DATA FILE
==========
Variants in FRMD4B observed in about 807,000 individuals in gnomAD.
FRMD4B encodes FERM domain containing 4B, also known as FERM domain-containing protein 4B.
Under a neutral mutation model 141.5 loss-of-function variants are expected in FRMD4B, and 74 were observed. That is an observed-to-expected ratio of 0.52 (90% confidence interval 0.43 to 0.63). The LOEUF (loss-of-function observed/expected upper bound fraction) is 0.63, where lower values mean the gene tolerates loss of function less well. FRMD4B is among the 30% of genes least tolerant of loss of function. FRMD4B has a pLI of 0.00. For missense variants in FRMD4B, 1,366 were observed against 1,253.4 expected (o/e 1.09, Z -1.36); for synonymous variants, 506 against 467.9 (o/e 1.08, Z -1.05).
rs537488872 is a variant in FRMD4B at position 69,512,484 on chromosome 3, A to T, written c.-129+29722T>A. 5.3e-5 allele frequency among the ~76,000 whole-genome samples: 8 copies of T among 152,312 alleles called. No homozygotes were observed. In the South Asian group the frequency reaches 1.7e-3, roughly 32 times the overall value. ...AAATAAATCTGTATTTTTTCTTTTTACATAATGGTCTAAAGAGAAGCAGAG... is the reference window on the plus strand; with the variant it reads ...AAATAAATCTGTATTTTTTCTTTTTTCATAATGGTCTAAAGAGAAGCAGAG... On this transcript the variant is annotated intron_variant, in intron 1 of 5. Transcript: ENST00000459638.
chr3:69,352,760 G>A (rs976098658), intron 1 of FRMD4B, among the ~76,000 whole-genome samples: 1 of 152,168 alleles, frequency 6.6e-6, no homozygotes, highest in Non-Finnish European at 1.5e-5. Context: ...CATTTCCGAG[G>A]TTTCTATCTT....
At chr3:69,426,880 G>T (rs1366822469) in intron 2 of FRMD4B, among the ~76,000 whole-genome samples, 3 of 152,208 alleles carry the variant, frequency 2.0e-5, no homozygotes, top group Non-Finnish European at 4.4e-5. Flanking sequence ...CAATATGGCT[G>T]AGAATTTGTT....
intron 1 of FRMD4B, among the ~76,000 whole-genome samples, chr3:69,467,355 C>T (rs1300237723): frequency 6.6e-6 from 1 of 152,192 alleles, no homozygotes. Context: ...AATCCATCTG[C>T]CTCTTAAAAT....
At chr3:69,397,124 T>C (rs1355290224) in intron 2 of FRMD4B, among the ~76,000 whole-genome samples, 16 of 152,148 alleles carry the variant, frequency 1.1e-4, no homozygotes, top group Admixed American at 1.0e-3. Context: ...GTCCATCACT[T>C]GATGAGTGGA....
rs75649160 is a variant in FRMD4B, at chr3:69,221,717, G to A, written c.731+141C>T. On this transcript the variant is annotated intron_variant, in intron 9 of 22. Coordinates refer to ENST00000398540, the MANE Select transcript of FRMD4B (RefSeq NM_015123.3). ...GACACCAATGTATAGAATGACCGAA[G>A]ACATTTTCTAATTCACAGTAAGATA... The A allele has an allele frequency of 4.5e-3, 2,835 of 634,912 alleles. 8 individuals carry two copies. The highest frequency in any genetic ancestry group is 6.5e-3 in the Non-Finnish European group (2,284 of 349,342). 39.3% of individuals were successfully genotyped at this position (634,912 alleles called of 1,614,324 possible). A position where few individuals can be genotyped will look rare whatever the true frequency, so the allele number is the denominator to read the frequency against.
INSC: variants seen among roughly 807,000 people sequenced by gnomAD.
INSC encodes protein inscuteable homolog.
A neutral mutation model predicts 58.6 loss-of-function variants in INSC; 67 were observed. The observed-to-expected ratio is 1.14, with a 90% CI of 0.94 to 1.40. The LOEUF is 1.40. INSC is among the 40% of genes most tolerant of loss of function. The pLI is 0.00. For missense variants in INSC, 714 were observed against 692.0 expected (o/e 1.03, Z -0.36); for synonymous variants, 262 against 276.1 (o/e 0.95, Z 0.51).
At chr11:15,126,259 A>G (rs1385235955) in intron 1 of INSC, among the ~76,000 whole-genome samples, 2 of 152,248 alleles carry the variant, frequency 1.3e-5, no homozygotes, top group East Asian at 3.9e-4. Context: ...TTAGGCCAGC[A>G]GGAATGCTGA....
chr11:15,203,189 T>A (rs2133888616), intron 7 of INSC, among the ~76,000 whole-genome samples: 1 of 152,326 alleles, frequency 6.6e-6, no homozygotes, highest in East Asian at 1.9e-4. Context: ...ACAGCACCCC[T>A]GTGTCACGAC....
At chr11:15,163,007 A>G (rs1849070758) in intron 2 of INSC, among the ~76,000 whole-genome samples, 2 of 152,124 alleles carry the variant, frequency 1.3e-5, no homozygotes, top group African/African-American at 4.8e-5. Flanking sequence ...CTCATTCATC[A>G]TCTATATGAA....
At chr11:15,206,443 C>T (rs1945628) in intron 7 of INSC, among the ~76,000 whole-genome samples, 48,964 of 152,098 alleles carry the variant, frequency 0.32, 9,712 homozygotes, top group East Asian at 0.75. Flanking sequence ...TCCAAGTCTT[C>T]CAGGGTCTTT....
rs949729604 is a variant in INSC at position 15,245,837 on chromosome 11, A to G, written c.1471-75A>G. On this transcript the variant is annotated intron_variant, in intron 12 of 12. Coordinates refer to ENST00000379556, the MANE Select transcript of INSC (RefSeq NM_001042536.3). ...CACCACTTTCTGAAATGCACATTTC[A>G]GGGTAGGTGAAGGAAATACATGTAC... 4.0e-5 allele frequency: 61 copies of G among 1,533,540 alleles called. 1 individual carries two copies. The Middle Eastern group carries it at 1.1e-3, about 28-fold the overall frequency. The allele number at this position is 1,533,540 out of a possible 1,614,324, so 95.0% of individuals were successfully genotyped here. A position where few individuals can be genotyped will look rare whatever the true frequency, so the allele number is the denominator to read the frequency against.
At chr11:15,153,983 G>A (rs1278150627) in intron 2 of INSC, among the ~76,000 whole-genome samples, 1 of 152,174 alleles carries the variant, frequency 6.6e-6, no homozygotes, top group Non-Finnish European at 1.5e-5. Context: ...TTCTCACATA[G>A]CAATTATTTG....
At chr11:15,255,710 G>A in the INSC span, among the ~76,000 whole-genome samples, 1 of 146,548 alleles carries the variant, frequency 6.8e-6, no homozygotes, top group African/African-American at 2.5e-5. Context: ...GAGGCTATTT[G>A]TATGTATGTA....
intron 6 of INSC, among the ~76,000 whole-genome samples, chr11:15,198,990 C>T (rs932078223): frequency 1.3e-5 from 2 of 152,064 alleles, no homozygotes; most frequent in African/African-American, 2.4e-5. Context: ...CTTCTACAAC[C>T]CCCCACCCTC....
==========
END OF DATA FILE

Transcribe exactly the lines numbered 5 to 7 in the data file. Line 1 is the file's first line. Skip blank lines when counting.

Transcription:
chr3:69,352,760 G>A (rs976098658), intron 1 of FRMD4B, among the ~76,000 whole-genome samples: 1 of 152,168 alleles, frequency 6.6e-6, no homozygotes, highest in Non-Finnish European at 1.5e-5. Context: ...CATTTCCGAG[G>A]TTTCTATCTT....
At chr3:69,426,880 G>T (rs1366822469) in intron 2 of FRMD4B, among the ~76,000 whole-genome samples, 3 of 152,208 alleles carry the variant, frequency 2.0e-5, no homozygotes, top group Non-Finnish European at 4.4e-5. Flanking sequence ...CAATATGGCT[G>T]AGAATTTGTT....
intron 1 of FRMD4B, among the ~76,000 whole-genome samples, chr3:69,467,355 C>T (rs1300237723): frequency 6.6e-6 from 1 of 152,192 alleles, no homozygotes. Context: ...AATCCATCTG[C>T]CTCTTAAAAT....